Wednesday, June 15, 2011

Don't let the dog door hit you on the way out


She skulked into our room just as the blue-speckled morning light was breathing in pink from the sun, and started to howl.

"Your turn," I say to the mountain of covers to my left. "I already handled a squirrel, two chipmunks and what I can only presume was a bird this week. I'm taking the morning off."

Wordlessly, he pulls on a shirt and stalks downstairs passing Ittybit in the hallway.

"Where's he going?" she asks, scooping up the squalling mass of feline flesh as awkwardly as humanly possible. In Ittybit's arms, our black cat is more of a rag doll. She just limply hangs, catatonic.

I don't get a chance to answer before a stream of expletives and a few Lords'-Names-in-Vain come charging up the stairs.


"What did she kill?" I yell down in response.

"Nothing. It's still alive and its running around in the kitchen!"

When I reach the place where the coffee and toast are born, I find him standing by the coffeemaker. Perhaps he's willing it to become a Haveaheart trap, but I suspect he's more interested in getting a cup of caffeine to clear his mind.

"Coffee first. Then I'll think about what to do. It could be anywhere at this point."

He saw it scoot behind the dog food container and a case of bottled ice tea. All sorts of critters go back there, never to be seen again.

I moved the containers and saw the chipmunk all curled up in a ball. No head, no tail visible in the shadows. On the counter above it is a small movie popcorn box, saved for reuse because of its red-pin-stripe quaintness and lack of visible butter stains.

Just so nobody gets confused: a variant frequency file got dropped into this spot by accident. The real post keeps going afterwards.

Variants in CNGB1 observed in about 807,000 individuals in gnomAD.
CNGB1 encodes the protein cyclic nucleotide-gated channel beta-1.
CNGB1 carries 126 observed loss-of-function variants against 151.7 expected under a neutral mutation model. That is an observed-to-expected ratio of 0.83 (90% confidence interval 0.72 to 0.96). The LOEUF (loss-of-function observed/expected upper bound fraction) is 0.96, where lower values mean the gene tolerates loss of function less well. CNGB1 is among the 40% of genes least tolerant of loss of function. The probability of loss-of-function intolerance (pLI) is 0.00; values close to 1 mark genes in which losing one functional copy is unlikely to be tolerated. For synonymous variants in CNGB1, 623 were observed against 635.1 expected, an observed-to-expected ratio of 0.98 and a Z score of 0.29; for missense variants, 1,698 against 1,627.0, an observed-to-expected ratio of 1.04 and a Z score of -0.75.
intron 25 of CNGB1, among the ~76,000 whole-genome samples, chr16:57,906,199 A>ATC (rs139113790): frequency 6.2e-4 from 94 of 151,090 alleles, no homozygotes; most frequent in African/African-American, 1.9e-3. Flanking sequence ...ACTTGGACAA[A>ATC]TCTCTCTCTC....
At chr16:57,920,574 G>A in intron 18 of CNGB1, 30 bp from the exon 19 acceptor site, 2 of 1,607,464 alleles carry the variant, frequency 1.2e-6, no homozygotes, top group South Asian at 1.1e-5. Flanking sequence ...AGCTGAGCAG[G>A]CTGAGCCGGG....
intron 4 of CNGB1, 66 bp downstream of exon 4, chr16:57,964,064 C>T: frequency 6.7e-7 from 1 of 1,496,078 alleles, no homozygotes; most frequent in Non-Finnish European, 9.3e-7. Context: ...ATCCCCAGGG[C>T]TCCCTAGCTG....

I grab it and bend to scoop up the cat's escaped snack.

In it goes to the bottom, scrabbling around for a second and then settling back into its protective orb.

I head for the great out of doors.

Ittybit wants to help release the varmint, but minds my urgent request and feeds the cat as a distraction. I tell I'll wait for her, and to meet me at the tree in front yard.

When she arrives, I pour out the popcorn box, kernels, critter and all.

For a long moment, it stands there all stretched out and close to the ground. I fan the box in its direction and it skitters up the tree trunk. Ittybit follows it, circling the tree, telling it all manner of helpful advice.

"Have a nice life."

"Be more careful."

"Stay away from cats."

As she skips around the tree, a first-grade Ann Landers, it chitters at her, loudly.

Its charm delights her.

"You're welcome!"

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